BEES Need Our Help

There are about 450 different bee species in New York State, including bumblebees, carpenter bees, sweat bees, mason bees, and honey bees.  As their work in pollinating our gardens, farms, and natural world is priceless, please consider the following actions to help reverse their population declines:

Ensure food sources: To increase forage for pollinators, plant >40% of your yard with native plants, shrubs, and trees as these flowers are four times more attractive to native bees than exotic flowers. It is best to choose several colors of flowers and ensure blooming plants throughout the growing season (at least three flower types blooming each spring, summer, and fall). Try to also plant heirloom varieties of perennials and herbs. These plants are typically good sources of nectar and pollen, attributes that may have been lost when the plant was further bred for showy flowers or drought tolerance. For additional food opportunities, allow farm and garden crops (such as lettuces) to bolt and develop flower stalks. Even more importantly, with over 31,000 square miles of lawns maintained as mowed grass in the United States (a combined land area of MA, RI, VT, and NJ), convert areas from food deserts to bee smorgasbords simply by allowing clover, dandelion, and violet to grow in your lawn.
Some great flower garden plants:
– Catmint (Nepeta spp.) : 2’ max height; full sun; avg-dry soil. Flowers: spring & summer
– Giant hyssop (Agastache spp.), especially anise hyssop (Agastache foeniculum) & purple giant hyssop (Agastache scrophulariifolia): 2′-3′ height; full sun; moist well-drained soil. Flowers: July-freeze
– Coneflower (Echinacea spp.): 2′-4‘ height; sun to partial shade; well-drained soil. Drought tolerant. Flowers: Jul-Sept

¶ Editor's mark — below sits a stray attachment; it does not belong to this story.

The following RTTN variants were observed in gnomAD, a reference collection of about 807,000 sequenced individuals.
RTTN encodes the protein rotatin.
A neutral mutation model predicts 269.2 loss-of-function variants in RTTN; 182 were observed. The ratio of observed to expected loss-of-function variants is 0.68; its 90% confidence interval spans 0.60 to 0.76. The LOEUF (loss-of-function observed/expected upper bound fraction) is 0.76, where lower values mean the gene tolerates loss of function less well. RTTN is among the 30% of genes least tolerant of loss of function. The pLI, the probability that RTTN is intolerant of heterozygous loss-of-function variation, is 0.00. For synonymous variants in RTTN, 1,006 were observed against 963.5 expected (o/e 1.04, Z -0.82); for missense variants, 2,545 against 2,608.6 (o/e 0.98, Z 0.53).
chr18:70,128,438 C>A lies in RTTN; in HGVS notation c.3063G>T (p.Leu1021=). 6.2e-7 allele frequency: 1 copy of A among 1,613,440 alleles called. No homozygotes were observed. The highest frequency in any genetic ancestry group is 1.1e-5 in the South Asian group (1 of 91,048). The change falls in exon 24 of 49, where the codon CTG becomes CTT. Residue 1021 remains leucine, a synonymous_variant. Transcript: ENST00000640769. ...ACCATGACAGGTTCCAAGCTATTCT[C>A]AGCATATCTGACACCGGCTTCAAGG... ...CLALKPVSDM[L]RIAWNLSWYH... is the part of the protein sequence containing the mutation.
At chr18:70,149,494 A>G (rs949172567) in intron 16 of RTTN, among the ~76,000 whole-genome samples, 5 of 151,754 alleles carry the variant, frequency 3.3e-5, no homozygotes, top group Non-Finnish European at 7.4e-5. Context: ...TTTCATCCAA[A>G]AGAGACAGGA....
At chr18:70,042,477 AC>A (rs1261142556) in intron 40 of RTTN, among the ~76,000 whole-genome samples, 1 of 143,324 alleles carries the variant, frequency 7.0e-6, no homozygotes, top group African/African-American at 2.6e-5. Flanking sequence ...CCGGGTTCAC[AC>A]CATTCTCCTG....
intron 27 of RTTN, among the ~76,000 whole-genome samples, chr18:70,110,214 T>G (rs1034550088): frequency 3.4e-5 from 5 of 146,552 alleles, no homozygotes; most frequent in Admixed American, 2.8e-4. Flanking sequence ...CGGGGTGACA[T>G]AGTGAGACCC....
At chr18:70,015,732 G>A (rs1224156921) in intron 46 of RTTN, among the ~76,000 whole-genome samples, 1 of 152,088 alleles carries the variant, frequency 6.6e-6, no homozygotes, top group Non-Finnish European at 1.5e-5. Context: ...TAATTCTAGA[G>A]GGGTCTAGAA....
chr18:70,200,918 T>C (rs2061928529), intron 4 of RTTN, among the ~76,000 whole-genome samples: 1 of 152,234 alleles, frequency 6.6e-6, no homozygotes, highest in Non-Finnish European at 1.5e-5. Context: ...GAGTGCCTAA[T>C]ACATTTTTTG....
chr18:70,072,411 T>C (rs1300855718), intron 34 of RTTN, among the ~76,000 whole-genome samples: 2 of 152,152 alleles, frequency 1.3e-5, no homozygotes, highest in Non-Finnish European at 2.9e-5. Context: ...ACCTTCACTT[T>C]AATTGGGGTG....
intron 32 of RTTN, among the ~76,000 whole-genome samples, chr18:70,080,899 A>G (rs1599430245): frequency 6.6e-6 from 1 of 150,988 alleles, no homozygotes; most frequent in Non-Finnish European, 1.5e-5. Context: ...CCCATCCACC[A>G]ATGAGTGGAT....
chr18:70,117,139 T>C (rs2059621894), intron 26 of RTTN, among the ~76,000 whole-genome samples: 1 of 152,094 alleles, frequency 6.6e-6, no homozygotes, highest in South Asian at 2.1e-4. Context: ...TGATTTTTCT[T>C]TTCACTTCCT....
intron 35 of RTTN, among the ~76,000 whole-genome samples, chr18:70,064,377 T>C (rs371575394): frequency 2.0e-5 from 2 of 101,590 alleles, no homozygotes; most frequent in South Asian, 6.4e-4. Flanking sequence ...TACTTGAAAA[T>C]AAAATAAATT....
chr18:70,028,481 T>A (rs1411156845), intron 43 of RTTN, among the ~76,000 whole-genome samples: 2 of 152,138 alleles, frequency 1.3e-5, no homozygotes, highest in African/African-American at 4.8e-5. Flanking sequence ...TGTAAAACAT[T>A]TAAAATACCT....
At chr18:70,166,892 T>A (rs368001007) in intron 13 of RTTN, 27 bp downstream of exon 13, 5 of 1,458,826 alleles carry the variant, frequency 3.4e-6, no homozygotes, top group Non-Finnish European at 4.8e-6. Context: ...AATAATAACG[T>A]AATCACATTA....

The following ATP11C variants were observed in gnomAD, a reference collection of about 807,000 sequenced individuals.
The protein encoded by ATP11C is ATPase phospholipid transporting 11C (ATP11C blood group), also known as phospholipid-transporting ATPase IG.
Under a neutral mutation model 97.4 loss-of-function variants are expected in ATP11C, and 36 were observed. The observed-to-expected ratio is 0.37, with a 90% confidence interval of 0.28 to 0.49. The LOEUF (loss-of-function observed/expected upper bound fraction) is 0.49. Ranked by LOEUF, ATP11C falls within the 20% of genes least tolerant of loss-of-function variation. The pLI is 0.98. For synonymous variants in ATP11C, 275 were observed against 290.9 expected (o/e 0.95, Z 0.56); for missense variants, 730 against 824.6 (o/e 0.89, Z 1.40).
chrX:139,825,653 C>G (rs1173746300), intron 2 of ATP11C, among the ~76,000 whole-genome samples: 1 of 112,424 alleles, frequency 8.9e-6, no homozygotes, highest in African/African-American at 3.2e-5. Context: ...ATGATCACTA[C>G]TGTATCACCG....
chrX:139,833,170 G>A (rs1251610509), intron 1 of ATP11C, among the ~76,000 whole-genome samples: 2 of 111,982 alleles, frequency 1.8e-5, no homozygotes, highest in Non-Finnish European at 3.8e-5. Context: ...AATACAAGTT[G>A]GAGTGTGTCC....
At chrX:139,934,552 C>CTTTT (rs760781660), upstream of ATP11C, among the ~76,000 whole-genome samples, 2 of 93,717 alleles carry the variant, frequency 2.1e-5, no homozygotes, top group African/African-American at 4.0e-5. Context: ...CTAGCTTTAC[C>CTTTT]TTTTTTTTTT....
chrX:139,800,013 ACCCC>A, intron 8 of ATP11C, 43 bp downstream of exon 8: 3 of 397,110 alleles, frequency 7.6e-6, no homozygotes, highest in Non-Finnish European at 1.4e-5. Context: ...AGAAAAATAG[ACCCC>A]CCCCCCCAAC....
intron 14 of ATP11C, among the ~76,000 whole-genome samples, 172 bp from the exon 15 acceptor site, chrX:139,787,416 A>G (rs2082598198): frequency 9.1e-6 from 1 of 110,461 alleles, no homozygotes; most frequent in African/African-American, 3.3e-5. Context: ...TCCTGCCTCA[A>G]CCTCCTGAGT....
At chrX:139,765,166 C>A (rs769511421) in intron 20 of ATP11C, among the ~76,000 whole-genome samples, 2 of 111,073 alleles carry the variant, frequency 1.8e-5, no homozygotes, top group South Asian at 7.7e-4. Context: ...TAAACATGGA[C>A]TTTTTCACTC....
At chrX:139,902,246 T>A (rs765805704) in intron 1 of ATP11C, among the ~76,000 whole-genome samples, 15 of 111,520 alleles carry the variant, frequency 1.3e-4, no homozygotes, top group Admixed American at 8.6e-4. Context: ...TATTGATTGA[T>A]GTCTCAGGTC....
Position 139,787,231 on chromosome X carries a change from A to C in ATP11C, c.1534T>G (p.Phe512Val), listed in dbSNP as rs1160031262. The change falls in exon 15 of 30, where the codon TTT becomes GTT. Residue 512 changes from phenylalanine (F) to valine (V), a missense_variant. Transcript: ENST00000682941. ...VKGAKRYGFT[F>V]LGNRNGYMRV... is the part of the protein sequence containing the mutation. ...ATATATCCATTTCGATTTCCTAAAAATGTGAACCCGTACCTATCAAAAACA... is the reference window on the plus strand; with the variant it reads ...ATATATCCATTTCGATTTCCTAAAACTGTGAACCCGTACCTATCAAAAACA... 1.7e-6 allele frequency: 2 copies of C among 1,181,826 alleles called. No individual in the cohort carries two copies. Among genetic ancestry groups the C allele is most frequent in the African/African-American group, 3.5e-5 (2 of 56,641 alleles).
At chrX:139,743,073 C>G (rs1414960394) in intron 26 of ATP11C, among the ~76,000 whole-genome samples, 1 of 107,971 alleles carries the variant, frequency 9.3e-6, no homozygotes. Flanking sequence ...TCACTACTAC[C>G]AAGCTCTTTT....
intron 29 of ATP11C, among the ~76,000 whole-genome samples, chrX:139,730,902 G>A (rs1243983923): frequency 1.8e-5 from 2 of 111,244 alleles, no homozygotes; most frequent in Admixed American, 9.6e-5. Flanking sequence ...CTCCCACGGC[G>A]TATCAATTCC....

– Butterfly Milkweed (Asclepias tuberosa): 1-2’ tall; full sun/partial shade; avg soil. Orange flowers:Jul-Aug; Monarch Butterflies will lay their eggs on this plant.
– Blanket Flower (Gaillardia ‘oranges and lemons’)
– ‘Lemon Queen’ Sunflower (Helianthus annuus ‘Lemon Queen’): over 6 feet tall with multibranched lemon-yellow blooms; full sun; grows in a variety of soils

Protect from pesticides: Widespread pesticide use has contributed to the decline of bee populations.

Ensure nesting sites: About 70% of bees in New York State are ground-nesting (e.g., mining bees, cellophane bees, and squash bees). While mulch and landscape fabric are effective in suppressing weeds and conserving water, it discourages ground-nesting bees. Bumble bees make nests in pre-existing cavities, such as abandoned mouse nests or vole nests. Native mason bees make their nests in smaller pre-existing cavities including old beetle burrows in dead trees or hollow plant stems.  Leaving some of your yard unmulched and without weed fabric as well as allowing a few dead trees to remain provides essential habitat to native bee populations.

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